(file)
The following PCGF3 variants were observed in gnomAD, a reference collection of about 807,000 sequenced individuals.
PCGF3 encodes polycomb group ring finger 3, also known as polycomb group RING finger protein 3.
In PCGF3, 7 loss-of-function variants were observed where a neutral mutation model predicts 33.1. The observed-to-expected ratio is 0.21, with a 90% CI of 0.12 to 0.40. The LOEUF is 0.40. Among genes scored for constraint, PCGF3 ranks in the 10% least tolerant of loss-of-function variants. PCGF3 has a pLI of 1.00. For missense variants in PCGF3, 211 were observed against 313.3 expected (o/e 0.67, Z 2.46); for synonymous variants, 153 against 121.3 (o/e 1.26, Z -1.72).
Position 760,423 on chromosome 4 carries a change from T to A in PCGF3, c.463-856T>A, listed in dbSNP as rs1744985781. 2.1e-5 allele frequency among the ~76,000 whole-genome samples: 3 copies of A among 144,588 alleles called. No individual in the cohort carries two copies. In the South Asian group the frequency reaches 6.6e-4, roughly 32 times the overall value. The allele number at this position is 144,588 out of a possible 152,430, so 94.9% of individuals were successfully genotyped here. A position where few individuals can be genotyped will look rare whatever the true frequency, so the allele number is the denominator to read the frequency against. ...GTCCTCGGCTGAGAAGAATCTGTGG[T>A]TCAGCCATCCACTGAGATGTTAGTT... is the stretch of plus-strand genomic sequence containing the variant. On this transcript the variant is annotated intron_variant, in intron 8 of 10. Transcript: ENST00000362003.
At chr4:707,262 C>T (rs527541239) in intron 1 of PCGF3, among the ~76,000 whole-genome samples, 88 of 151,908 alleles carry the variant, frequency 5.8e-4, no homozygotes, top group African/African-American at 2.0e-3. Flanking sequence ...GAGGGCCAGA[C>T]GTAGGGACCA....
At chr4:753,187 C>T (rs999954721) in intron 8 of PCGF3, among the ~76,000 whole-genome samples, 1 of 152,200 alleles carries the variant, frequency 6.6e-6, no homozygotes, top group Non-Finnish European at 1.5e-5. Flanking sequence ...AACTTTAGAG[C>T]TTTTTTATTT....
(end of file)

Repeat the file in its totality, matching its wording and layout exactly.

The following PCGF3 variants were observed in gnomAD, a reference collection of about 807,000 sequenced individuals.
PCGF3 encodes polycomb group ring finger 3, also known as polycomb group RING finger protein 3.
In PCGF3, 7 loss-of-function variants were observed where a neutral mutation model predicts 33.1. The observed-to-expected ratio is 0.21, with a 90% CI of 0.12 to 0.40. The LOEUF is 0.40. Among genes scored for constraint, PCGF3 ranks in the 10% least tolerant of loss-of-function variants. PCGF3 has a pLI of 1.00. For missense variants in PCGF3, 211 were observed against 313.3 expected (o/e 0.67, Z 2.46); for synonymous variants, 153 against 121.3 (o/e 1.26, Z -1.72).
Position 760,423 on chromosome 4 carries a change from T to A in PCGF3, c.463-856T>A, listed in dbSNP as rs1744985781. 2.1e-5 allele frequency among the ~76,000 whole-genome samples: 3 copies of A among 144,588 alleles called. No individual in the cohort carries two copies. In the South Asian group the frequency reaches 6.6e-4, roughly 32 times the overall value. The allele number at this position is 144,588 out of a possible 152,430, so 94.9% of individuals were successfully genotyped here. A position where few individuals can be genotyped will look rare whatever the true frequency, so the allele number is the denominator to read the frequency against. ...GTCCTCGGCTGAGAAGAATCTGTGG[T>A]TCAGCCATCCACTGAGATGTTAGTT... is the stretch of plus-strand genomic sequence containing the variant. On this transcript the variant is annotated intron_variant, in intron 8 of 10. Transcript: ENST00000362003.
At chr4:707,262 C>T (rs527541239) in intron 1 of PCGF3, among the ~76,000 whole-genome samples, 88 of 151,908 alleles carry the variant, frequency 5.8e-4, no homozygotes, top group African/African-American at 2.0e-3. Flanking sequence ...GAGGGCCAGA[C>T]GTAGGGACCA....
At chr4:753,187 C>T (rs999954721) in intron 8 of PCGF3, among the ~76,000 whole-genome samples, 1 of 152,200 alleles carries the variant, frequency 6.6e-6, no homozygotes, top group Non-Finnish European at 1.5e-5. Flanking sequence ...AACTTTAGAG[C>T]TTTTTTATTT....